Using the scientific method also requires peer review and repeatability. The report emphasized the need for infrastructure that supports and enables repeatable experiments by creating easy ways for researchers to test each others' results.

Moreover, instead of uncoordinated, domain-specific studies -- some related to denial of service attacks or password cracking, others related to critical infrastructure or automotive testing -- researcher need common standards and ways to work across disciplines and domains.

"The adversary isn't looking narrowly," Benzel said, "and researchers can't afford to either."

Finally, the community needs to develop new approaches for sharing and synthesizing data in order to accelerate knowledge and community building across disciplines and organizations.

"We need a way that makes it easy for researchers, not only from different aspects of cybersecurity, but across different domains, to share their problems and draw from a library of experimental cyber components to put together a big problem," Benzel said.

Recommendations for Securing our Cyber-Future

Based on input from scholars, the authors synthesized five key observations that they believe, if followed, will yield transformational results.

First, research must be multidisciplinary. Whereas today, experts typically specialize in one area, in the future, individuals and teams must incorporate a wider range of knowledge and skills.

"We need to bring in different disciplines, from computer science, engineering, math and modeling to human behavior, sociology, economics and education," said David Balenson, another of the lead authors and a senior computer scientist at SRI International.

Second, experiments must accurately model and incorporate human activity.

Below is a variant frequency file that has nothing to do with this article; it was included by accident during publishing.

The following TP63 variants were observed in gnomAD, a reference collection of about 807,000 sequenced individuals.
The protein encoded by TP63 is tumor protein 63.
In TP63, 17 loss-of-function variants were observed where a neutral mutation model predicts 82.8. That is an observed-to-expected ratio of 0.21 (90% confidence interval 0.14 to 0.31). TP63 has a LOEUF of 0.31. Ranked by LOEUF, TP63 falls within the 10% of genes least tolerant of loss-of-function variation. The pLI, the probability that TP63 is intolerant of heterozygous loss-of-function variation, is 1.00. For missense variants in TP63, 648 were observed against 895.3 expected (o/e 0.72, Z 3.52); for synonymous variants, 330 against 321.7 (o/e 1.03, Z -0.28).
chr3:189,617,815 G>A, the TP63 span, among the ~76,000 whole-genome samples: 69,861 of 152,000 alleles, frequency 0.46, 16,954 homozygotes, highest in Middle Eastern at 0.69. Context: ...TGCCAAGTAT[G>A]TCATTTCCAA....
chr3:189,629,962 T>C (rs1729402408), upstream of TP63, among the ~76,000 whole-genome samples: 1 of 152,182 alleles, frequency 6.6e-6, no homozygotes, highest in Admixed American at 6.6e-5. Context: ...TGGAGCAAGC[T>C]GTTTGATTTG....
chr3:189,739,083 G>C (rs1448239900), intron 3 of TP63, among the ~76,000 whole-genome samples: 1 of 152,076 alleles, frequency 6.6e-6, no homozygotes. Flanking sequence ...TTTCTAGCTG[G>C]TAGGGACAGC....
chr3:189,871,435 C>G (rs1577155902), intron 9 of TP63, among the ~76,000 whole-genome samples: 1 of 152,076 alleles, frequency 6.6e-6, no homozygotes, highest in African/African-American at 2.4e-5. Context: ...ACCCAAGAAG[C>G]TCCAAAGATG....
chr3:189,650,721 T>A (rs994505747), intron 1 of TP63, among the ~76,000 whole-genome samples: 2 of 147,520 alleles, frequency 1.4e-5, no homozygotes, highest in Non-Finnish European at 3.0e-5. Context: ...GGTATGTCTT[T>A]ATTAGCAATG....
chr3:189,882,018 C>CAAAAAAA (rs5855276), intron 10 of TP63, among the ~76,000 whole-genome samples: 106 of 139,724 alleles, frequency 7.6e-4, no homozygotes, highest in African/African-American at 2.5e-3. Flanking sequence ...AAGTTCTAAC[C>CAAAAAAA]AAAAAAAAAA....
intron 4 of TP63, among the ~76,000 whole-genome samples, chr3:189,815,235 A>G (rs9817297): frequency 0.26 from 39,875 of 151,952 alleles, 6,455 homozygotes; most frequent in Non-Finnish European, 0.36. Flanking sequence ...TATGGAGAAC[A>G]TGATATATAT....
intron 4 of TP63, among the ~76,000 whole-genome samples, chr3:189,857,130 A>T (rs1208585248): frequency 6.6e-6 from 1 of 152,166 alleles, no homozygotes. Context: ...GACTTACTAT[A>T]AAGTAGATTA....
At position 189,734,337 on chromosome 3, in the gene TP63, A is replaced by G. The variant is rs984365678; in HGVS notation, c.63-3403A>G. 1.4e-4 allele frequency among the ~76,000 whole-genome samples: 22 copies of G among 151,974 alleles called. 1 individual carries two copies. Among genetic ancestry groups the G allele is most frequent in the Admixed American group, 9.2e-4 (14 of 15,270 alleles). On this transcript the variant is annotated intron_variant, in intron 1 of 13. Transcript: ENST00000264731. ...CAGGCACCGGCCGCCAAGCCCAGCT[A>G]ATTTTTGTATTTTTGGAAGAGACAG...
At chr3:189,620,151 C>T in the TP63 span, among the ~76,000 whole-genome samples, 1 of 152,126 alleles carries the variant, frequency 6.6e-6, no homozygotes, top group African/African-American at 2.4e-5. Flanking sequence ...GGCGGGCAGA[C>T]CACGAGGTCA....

"Everything we do needs to be grounded in the real world and include the human element -- users, operators, maintainers, developers and even the adversary," Balenson said.

NSF Program Director Anita Nikolich said performing cybersecurity research "in an isolated, contained environment that doesn't mimic reality is not conducive to discovering the nuances inherent in this sort of research. New approaches to testing are needed in order to produce useful, actionable results."

Third, different experimental environments must be able to work together in a plug-and-play fashion by following common models of infrastructure and experiment components using open interfaces and standards.

"Without shared experimental infrastructure, researchers have to spend lots of money developing their own experimental infrastructure which takes away from their core research," said Laura Tinnel, a senior research engineer at SRI International and one of the study's authors. "People are reinventing the wheel."

Fourth, experimental frameworks must allow reusable designs to better enable science-based hypothesis testing.